TAUNTON, Mass. — Michelle Carter badgered her emotionally troubled boyfriend to take his own life before portraying herself as a grieving girlfriend, a Massachusetts prosecutor said Tuesday.
Carter allegedly listened on the phone as teenager Conrad Roy III cried out in pain and took his last breaths as his pickup truck filled with carbon monoxide, prosecutor Maryclare Flynn told the judge who will decide the young woman’s guilt or innocence on involuntary manslaughter charges.
On the day Roy killed himself, Carter texted, “You can’t think about it, you just have to do it,” according to the prosecutor.
“She put him in the car that night,” Flynn said in her opening statement on the trial’s first day.
But Carter’s attorney, Joseph Cataldo, painted a starkly different version of events, describing Roy as deeply saddened and depressed over the divorce of his parents and a victim of physical and emotional abuse who was on a “path to take his own life for years.”
“This is a suicide case,” he said, “not a not a homicide.”
Cataldo noted the young’s man extensive online searches about suicide, Carter’s attempts to get him to seek help and her own bouts with mental issues.
“It was his choice,” Cataldo said of Roy.
Almost three years ago, Roy was found dead from carbon monoxide poisoning in his pickup truck in a Kmart parking lot.
Carter posted grieving messages on social media and raised money in his name for mental health awareness. His friends and family lamented a young life cut short by suicide.
But before long prosecutors came up with another, more sinister, theory about what happened. And within months they indicted Carter, saying they had discovered numerous text messages from her urging Roy to kill himself.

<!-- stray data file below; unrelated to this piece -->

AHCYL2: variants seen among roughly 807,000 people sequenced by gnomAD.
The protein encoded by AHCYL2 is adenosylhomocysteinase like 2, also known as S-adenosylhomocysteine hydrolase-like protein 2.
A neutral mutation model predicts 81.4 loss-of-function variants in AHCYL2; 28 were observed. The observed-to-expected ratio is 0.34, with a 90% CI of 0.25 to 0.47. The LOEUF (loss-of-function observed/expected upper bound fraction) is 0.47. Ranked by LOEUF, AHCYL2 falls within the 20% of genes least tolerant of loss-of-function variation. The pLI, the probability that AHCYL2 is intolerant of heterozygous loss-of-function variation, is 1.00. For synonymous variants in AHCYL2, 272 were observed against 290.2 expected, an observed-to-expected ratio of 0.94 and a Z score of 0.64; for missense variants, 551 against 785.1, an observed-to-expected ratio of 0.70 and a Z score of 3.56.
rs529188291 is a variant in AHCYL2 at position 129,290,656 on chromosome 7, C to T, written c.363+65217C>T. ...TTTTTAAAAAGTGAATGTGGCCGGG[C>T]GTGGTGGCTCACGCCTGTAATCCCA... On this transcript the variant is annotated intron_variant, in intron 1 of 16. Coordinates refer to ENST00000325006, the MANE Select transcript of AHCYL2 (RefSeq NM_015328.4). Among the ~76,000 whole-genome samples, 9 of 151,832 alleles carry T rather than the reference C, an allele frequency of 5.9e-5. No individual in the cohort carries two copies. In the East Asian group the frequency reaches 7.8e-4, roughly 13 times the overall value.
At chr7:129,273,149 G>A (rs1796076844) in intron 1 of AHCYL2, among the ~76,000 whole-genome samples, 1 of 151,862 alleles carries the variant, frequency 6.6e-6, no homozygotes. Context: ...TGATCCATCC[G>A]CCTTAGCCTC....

Carter was 17 at the time. She waived her right to a jury trial Monday, meaning her case will be decided by a judge who will hear testimony and render a verdict.
Boston defense attorney Peter Elikann told WFXT that lawyers and legal scholars are watching the case closely because it could set a legal precedent.
“At the moment, there’s really no law on the books in Massachusetts about whether somebody can encourage somebody to commit suicide or not,” he said.
Carter, now 20, is being tried as a youthful offender because she was a minor when her alleged crime took place.
‘You need to do it, Conrad’
Roy, 18, was found dead in his truck on July 13, 2014, in Fairhaven, Massachusetts. Police say he used a combustion engine to fill the cabin with carbon monoxide.
The day before, authorities say, Carter had urged him to go through with his plan to commit suicide.
“You need to do it, Conrad,” Carter told Roy in a text message the morning of July 12, according to a document disseminated by the Bristol County District Attorney’s Office.
“You’re ready and prepared. All you have to do is turn the generator on and you will be free and happy,” she reportedly wrote. “No more pushing it off. No more waiting.”
According to the District Attorney’s office, Roy drove that day to the Kmart parking lot, nearly 40 miles from his home. At one point, he got out of his truck and spoke to Carter for more than 40 minutes on the phone, telling her that he was having second thoughts about taking his life, prosecutors said.
But she told him to get back into the car, according to the document.
CNN has reached out for comment from Carter’s legal team but has not heard back. In 2015 Carter’s attorney, Joseph Cataldo, told CNN that evidence will show she had attempted to console Roy on many occasions and had advised him to seek professional help.
“My heart goes out to the family, but this was a young man who planned this for months and months,” Cataldo said.
‘You fall asleep and die’
In the months following Roy’s death, Carter organized a charity softball tournament and raised $2,300 money for mental health awareness in his honor.
But as police investigated, they found hundreds of text messages between Carter and Roy. In one text message, Carter allegedly counseled Roy on exactly how to commit suicide using carbon monoxide.
“If you emit 3200 ppm of (carbon monoxide) for five or ten minutes you will die within a half hour,” she wrote. “You lose consciousness with no pain. You fall asleep and die.”
Carter was indicted in February 2015. Her trial was delayed earlier this year at the request of the defense. Youthful offenders are tried in juvenile court, but the proceedings are public.